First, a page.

Mirrored image of the Centennial Bridge

Mirrored image of the Centennial Bridge
One frosty and very still morning in November, 2010, Centennial Bridge, Miramichi, NB, Canada

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Miramichi, NB, Canada
Spiritual,fun loving,hard working

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Moon Rising Over Neguac Beach, NB, Canada

Moon Rising Over Neguac Beach, NB, Canada
Moon Rising Over Neguac Beach, Neguac, New Brunswick, Canada

Friday, December 5, 2014

Two for the price of one


I found this picture of two little cowboys and their red wagons---the McLean brothers back in the 40's or 50's.  It is as close as I can get to the theme of this week's SepiaSaturday.  I got the picture from Our Miramichi Heritage Photos site.  The reason I know those wagons were red, my brother had one just like it. Why don't you saunter on down to www.sepiasaturday.blogspot.com for more darling pictures.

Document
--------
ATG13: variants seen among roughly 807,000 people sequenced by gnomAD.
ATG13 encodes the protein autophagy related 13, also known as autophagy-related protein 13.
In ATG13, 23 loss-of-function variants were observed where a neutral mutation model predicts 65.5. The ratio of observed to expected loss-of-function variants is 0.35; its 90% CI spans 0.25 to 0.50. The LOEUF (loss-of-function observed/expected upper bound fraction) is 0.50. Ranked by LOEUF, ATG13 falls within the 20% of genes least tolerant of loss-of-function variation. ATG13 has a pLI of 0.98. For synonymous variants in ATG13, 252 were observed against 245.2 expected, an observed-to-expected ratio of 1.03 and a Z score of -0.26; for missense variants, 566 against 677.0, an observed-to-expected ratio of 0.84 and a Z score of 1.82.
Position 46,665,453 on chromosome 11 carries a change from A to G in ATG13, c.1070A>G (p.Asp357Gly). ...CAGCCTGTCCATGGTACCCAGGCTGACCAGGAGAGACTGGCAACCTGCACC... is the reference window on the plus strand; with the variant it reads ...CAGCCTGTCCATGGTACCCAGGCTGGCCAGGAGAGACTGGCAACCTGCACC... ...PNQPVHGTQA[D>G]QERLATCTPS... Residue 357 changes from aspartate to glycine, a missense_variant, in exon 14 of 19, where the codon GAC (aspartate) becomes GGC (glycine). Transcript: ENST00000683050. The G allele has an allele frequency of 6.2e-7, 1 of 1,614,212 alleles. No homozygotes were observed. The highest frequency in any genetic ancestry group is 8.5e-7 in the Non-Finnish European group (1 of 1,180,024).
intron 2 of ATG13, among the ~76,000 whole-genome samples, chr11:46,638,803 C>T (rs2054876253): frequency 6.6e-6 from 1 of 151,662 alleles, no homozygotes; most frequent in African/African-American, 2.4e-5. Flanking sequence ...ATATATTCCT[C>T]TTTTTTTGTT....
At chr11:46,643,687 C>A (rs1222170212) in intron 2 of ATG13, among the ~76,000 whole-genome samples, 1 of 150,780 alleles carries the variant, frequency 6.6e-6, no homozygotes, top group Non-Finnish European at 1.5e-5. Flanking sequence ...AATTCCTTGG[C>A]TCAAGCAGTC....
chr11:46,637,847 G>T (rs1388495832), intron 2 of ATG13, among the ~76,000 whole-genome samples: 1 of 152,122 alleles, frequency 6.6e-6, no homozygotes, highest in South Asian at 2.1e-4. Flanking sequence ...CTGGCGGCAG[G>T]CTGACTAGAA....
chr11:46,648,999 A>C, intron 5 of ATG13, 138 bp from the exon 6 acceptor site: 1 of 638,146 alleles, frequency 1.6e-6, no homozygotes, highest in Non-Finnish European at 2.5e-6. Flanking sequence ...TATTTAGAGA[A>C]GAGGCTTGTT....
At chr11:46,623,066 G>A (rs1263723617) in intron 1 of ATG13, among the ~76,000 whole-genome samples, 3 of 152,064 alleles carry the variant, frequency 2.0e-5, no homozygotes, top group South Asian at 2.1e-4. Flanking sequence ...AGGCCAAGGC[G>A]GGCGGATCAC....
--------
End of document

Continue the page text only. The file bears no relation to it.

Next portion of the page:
Saturday, May 31, 2014

Rose for Rosa

This what awaited me when Magor picked me up from work yesterday.  We have arrived in Santiago, went shopping and had lunch with some friends of Magor's.  Lovely sunny day, around 12- 15 degrees.


Friday, May 30, 2014

In Toronto airport international section

Waiting to board flight to South America, very excited!  santiago, here we come!

Off to South America (Chile)

Today, Magor and I are off to Chile to see his family, I will see his country of origin.

Looking forward to the trip, will try to post some entries from time to time.

Thursday, April 3, 2014

Bridge over Miramichi River, Sepia Saturday, April 5, 2014